Yeah, that genuinely shocked me because looking at that list, most of the kids on the list have a lot of offers – they were 3 or 4 star players. So, for my name to end up on that list, it was truly a blessing. I am really humble for that and I was really excited. It would have to be my work ethic. The people who played a role in my life because they never gave up on me – my family. My mom, my coaches, and my friends – I try to surround myself with people who have a lot of positivity because that plays a role in your life and your goals. One of my coaches has had my back since day one and I’m very appreciative about that. One of cousins’ dad – Mendel Williams –  he has been there as well since little league. He actually helped push start my football career. Another person was Jemiah Nelson. He has been a part of the team since my freshman year. I have a lot of people. My head coach, Vincent Derouen, he’s a man of many words and I thank him for that. Also, there is the offensive coordinator, Donald Fusilier and my d-line coach, Damon Durant, that I am appreciative for as well. They are hard coaches on the field. During practice, they don’t want any type of excuses. They want straight hard work.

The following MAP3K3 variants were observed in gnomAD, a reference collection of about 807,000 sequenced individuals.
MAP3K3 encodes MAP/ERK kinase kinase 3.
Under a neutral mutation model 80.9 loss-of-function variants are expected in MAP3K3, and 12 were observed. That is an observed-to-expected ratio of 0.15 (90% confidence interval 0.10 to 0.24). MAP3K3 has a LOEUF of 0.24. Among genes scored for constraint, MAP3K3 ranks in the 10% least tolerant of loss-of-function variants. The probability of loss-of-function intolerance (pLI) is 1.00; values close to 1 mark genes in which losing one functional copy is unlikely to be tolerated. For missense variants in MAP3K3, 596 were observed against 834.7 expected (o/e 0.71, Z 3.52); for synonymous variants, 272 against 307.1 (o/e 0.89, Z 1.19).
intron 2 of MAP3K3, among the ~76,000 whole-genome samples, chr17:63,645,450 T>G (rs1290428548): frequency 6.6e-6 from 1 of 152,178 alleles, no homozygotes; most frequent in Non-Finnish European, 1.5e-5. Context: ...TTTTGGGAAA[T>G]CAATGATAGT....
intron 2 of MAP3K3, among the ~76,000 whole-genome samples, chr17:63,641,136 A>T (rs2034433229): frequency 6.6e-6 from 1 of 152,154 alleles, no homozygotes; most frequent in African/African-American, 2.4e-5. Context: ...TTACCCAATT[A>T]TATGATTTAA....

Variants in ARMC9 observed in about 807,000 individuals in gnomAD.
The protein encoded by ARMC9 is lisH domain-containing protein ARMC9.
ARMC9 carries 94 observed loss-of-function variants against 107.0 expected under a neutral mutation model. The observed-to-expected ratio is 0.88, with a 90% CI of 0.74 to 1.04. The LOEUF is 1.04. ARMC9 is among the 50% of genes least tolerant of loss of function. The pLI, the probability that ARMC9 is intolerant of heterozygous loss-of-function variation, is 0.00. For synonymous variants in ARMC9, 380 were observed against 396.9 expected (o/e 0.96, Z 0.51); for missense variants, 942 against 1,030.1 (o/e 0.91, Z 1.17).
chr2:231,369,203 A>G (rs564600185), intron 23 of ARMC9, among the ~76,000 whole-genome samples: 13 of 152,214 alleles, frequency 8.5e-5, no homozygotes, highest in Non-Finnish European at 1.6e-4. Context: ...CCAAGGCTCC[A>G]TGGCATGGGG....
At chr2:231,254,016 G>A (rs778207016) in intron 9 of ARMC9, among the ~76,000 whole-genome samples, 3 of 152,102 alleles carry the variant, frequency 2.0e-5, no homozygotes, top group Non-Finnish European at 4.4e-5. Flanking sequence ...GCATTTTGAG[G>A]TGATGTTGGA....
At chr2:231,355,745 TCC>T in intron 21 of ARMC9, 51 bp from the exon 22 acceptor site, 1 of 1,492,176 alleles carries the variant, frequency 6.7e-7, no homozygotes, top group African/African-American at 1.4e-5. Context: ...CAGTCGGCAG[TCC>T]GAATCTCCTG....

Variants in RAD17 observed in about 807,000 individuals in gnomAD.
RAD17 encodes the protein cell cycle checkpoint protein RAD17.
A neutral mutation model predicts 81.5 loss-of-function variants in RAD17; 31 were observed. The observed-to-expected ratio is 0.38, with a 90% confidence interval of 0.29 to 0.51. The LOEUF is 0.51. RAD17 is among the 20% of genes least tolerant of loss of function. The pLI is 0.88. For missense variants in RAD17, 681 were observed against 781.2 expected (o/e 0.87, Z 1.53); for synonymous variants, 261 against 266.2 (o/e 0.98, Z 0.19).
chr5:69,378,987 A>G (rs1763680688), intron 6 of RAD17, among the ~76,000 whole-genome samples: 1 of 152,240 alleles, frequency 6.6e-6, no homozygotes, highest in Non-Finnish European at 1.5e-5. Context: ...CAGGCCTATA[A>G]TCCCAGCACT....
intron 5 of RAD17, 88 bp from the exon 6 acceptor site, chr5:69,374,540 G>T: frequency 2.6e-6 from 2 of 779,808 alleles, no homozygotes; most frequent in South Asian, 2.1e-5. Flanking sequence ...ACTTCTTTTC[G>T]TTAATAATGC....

Okay so let’s digress from football for a couple questions – to get to know you as a person off the field. Do you have any hobbies? What do you like to do in your free time? 

In my free time, I love to work out. Once I started, I could never stop. I like watching film – watching different all-time greats; legends. I love to be on the phone a lot. Just like most teens, I love to get on the phone – I love to talk on the phone. I love to eat. Being from Louisiana, we got good food and I love to eat. 

What are your favorite kind of workouts? Do you have a favorite kind or are you more of a well-rounded person? 

I’m more of a well-rounded person, but I do like to focus on weightlifting. I love weightlifting because it was one way of me feeling free. It made me feel free. 

Okay, I have to ask. What’s your favorite kind of food? What do you like to eat? 

I love hamburgers – hamburgers and fries with milkshakes.

I love it. Personally, at this point in time, where do you see yourself playing at on a collegiate level? 

I could see myself and I’m not just talking, I’m actually being truthful with myself. I could see myself playing in almost every conference. I could see myself playing in the SEC, the Sunbelt conference and the Big10, or the Pac-12. I think that way because of my work ethic. I think your work ethic, at the end of the day, will pay off along with my size and my speed. That’s why I say I can play on almost every level. 

Speaking about your work ethic, what would your teachers say about you as a student?